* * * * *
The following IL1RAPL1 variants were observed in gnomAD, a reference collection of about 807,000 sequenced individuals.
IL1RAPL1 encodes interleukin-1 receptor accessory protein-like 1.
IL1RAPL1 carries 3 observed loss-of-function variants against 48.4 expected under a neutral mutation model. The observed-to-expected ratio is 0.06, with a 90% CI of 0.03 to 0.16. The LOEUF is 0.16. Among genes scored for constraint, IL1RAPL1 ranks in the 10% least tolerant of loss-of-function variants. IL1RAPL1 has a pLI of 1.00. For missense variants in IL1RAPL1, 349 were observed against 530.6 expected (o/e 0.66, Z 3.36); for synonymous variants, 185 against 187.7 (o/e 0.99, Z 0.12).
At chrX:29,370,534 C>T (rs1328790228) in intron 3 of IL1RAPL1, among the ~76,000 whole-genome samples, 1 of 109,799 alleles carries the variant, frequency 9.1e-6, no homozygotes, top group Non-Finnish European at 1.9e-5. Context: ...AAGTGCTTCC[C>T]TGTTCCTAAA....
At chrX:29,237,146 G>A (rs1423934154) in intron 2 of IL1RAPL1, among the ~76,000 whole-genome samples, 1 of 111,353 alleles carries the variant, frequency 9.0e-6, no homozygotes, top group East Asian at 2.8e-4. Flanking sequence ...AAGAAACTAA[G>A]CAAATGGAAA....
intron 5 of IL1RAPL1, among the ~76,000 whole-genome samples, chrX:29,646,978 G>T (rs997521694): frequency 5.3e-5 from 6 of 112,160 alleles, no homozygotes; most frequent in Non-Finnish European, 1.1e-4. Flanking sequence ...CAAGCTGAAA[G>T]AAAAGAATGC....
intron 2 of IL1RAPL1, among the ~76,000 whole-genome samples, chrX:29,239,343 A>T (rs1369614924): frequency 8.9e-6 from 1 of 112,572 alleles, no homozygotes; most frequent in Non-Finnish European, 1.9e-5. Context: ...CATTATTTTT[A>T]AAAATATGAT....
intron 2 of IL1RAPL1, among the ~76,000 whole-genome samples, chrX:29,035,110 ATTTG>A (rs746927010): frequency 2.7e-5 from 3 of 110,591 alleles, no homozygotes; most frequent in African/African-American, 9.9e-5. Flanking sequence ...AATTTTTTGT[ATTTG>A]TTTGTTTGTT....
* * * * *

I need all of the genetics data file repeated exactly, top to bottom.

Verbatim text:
The following IL1RAPL1 variants were observed in gnomAD, a reference collection of about 807,000 sequenced individuals.
IL1RAPL1 encodes interleukin-1 receptor accessory protein-like 1.
IL1RAPL1 carries 3 observed loss-of-function variants against 48.4 expected under a neutral mutation model. The observed-to-expected ratio is 0.06, with a 90% CI of 0.03 to 0.16. The LOEUF is 0.16. Among genes scored for constraint, IL1RAPL1 ranks in the 10% least tolerant of loss-of-function variants. IL1RAPL1 has a pLI of 1.00. For missense variants in IL1RAPL1, 349 were observed against 530.6 expected (o/e 0.66, Z 3.36); for synonymous variants, 185 against 187.7 (o/e 0.99, Z 0.12).
At chrX:29,370,534 C>T (rs1328790228) in intron 3 of IL1RAPL1, among the ~76,000 whole-genome samples, 1 of 109,799 alleles carries the variant, frequency 9.1e-6, no homozygotes, top group Non-Finnish European at 1.9e-5. Context: ...AAGTGCTTCC[C>T]TGTTCCTAAA....
At chrX:29,237,146 G>A (rs1423934154) in intron 2 of IL1RAPL1, among the ~76,000 whole-genome samples, 1 of 111,353 alleles carries the variant, frequency 9.0e-6, no homozygotes, top group East Asian at 2.8e-4. Flanking sequence ...AAGAAACTAA[G>A]CAAATGGAAA....
intron 5 of IL1RAPL1, among the ~76,000 whole-genome samples, chrX:29,646,978 G>T (rs997521694): frequency 5.3e-5 from 6 of 112,160 alleles, no homozygotes; most frequent in Non-Finnish European, 1.1e-4. Flanking sequence ...CAAGCTGAAA[G>T]AAAAGAATGC....
intron 2 of IL1RAPL1, among the ~76,000 whole-genome samples, chrX:29,239,343 A>T (rs1369614924): frequency 8.9e-6 from 1 of 112,572 alleles, no homozygotes; most frequent in Non-Finnish European, 1.9e-5. Context: ...CATTATTTTT[A>T]AAAATATGAT....
intron 2 of IL1RAPL1, among the ~76,000 whole-genome samples, chrX:29,035,110 ATTTG>A (rs746927010): frequency 2.7e-5 from 3 of 110,591 alleles, no homozygotes; most frequent in African/African-American, 9.9e-5. Flanking sequence ...AATTTTTTGT[ATTTG>A]TTTGTTTGTT....